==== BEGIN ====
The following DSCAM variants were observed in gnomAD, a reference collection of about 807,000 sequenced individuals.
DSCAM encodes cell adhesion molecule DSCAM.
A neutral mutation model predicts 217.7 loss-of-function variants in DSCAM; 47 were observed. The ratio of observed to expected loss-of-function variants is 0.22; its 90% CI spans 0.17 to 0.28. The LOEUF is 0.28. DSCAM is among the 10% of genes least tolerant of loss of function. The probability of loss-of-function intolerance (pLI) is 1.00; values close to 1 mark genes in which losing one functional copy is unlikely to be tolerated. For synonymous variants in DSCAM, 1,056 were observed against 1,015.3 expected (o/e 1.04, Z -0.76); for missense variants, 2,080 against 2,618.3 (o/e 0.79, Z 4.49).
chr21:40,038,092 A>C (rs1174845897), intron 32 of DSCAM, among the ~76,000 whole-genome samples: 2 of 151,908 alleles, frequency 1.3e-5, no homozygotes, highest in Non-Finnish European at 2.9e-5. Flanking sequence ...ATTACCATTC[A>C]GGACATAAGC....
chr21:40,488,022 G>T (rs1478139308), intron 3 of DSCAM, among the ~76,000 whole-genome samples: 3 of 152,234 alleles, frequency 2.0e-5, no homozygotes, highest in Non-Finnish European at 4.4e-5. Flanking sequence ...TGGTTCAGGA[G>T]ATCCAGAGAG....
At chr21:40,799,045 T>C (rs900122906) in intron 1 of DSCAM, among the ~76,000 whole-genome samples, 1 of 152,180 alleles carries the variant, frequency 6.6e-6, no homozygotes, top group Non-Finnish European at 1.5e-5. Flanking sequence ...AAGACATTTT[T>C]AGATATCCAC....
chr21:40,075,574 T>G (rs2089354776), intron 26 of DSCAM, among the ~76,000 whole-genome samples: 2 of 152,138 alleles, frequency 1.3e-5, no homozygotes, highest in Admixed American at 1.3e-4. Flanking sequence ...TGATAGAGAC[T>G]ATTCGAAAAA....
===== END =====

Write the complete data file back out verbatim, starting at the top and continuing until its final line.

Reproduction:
The following DSCAM variants were observed in gnomAD, a reference collection of about 807,000 sequenced individuals.
DSCAM encodes cell adhesion molecule DSCAM.
A neutral mutation model predicts 217.7 loss-of-function variants in DSCAM; 47 were observed. The ratio of observed to expected loss-of-function variants is 0.22; its 90% CI spans 0.17 to 0.28. The LOEUF is 0.28. DSCAM is among the 10% of genes least tolerant of loss of function. The probability of loss-of-function intolerance (pLI) is 1.00; values close to 1 mark genes in which losing one functional copy is unlikely to be tolerated. For synonymous variants in DSCAM, 1,056 were observed against 1,015.3 expected (o/e 1.04, Z -0.76); for missense variants, 2,080 against 2,618.3 (o/e 0.79, Z 4.49).
chr21:40,038,092 A>C (rs1174845897), intron 32 of DSCAM, among the ~76,000 whole-genome samples: 2 of 151,908 alleles, frequency 1.3e-5, no homozygotes, highest in Non-Finnish European at 2.9e-5. Flanking sequence ...ATTACCATTC[A>C]GGACATAAGC....
chr21:40,488,022 G>T (rs1478139308), intron 3 of DSCAM, among the ~76,000 whole-genome samples: 3 of 152,234 alleles, frequency 2.0e-5, no homozygotes, highest in Non-Finnish European at 4.4e-5. Flanking sequence ...TGGTTCAGGA[G>T]ATCCAGAGAG....
At chr21:40,799,045 T>C (rs900122906) in intron 1 of DSCAM, among the ~76,000 whole-genome samples, 1 of 152,180 alleles carries the variant, frequency 6.6e-6, no homozygotes, top group Non-Finnish European at 1.5e-5. Flanking sequence ...AAGACATTTT[T>C]AGATATCCAC....
chr21:40,075,574 T>G (rs2089354776), intron 26 of DSCAM, among the ~76,000 whole-genome samples: 2 of 152,138 alleles, frequency 1.3e-5, no homozygotes, highest in Admixed American at 1.3e-4. Flanking sequence ...TGATAGAGAC[T>G]ATTCGAAAAA....